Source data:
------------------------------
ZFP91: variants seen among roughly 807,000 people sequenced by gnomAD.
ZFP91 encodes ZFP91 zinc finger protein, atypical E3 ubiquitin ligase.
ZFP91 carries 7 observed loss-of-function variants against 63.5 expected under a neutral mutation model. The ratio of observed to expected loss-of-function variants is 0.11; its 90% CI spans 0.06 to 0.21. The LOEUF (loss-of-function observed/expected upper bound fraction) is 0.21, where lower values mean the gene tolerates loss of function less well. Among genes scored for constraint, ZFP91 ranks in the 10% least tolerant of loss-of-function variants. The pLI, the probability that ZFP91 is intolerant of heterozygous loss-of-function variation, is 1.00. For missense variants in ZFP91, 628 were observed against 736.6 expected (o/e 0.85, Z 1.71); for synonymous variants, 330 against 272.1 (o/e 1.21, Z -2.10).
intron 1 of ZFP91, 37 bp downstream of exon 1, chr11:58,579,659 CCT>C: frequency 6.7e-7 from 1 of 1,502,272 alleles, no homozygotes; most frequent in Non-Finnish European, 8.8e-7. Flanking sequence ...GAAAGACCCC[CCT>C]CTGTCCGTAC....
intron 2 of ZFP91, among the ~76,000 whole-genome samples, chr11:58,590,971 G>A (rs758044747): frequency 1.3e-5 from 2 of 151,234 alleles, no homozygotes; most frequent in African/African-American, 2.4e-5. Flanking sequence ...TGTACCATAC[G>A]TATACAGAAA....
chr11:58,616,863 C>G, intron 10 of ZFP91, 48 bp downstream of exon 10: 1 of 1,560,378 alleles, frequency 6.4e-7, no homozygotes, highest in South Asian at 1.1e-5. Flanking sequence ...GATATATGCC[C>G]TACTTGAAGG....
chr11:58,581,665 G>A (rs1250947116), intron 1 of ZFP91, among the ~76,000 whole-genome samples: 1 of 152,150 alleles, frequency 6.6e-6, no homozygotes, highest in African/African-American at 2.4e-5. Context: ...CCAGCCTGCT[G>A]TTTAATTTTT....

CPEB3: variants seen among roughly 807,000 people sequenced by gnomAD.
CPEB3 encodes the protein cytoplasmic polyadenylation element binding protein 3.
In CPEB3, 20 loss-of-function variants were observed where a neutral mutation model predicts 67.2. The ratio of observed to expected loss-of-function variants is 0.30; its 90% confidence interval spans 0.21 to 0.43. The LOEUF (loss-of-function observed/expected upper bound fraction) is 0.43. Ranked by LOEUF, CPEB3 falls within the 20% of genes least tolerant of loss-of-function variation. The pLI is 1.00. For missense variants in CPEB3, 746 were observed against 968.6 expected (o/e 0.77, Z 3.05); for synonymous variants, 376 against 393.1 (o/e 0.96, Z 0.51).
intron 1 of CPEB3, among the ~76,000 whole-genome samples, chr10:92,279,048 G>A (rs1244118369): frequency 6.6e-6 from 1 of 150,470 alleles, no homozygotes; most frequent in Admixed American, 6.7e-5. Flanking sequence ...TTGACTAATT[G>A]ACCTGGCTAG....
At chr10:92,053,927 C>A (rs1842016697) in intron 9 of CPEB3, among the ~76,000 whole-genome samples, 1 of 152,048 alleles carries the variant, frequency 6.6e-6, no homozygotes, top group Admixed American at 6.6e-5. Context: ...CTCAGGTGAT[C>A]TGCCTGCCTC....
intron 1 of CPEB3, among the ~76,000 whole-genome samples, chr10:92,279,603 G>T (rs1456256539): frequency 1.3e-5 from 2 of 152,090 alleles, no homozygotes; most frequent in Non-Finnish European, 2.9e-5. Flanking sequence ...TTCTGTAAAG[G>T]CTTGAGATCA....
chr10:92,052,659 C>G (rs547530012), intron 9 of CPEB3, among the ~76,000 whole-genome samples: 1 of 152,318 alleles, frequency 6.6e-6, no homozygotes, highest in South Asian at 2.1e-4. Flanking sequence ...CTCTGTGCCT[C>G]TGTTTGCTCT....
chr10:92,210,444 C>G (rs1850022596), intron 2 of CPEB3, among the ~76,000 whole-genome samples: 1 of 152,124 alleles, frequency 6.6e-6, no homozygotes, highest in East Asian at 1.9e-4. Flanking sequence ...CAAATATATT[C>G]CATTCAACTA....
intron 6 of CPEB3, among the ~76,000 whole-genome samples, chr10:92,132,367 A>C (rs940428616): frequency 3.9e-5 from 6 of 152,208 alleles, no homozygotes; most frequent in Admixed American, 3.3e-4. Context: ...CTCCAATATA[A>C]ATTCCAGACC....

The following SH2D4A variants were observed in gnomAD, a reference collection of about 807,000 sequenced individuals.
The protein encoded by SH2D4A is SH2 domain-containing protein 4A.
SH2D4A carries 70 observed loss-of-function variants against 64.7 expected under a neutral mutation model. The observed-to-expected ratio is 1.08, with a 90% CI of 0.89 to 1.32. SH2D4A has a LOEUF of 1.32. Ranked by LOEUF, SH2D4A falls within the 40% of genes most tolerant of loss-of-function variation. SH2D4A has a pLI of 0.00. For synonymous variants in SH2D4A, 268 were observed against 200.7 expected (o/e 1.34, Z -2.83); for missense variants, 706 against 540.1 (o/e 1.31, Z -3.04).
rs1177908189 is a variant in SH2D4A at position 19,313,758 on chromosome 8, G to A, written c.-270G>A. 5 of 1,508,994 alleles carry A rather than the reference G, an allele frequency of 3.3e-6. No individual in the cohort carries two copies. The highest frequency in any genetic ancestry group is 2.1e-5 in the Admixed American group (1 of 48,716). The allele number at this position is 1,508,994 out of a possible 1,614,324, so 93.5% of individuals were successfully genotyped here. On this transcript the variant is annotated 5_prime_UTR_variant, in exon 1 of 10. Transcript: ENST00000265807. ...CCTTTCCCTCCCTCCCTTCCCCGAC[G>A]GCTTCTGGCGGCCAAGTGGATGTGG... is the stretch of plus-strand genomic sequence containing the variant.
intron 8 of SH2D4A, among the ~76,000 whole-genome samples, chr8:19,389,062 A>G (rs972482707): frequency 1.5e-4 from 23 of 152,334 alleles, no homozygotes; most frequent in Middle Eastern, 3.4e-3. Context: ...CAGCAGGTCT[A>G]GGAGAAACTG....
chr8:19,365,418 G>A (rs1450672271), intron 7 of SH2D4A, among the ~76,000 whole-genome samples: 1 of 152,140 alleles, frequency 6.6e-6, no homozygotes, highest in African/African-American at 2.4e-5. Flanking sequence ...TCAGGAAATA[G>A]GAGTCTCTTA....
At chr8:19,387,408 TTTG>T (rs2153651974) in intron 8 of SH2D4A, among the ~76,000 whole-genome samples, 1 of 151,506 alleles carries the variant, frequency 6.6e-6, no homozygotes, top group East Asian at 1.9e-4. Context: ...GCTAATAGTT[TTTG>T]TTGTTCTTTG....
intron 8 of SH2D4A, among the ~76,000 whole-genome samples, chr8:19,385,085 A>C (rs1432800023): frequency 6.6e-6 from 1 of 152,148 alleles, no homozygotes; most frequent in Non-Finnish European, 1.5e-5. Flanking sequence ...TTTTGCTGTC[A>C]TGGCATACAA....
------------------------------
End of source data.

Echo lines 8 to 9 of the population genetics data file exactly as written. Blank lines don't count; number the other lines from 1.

CPEB3: variants seen among roughly 807,000 people sequenced by gnomAD.
CPEB3 encodes the protein cytoplasmic polyadenylation element binding protein 3.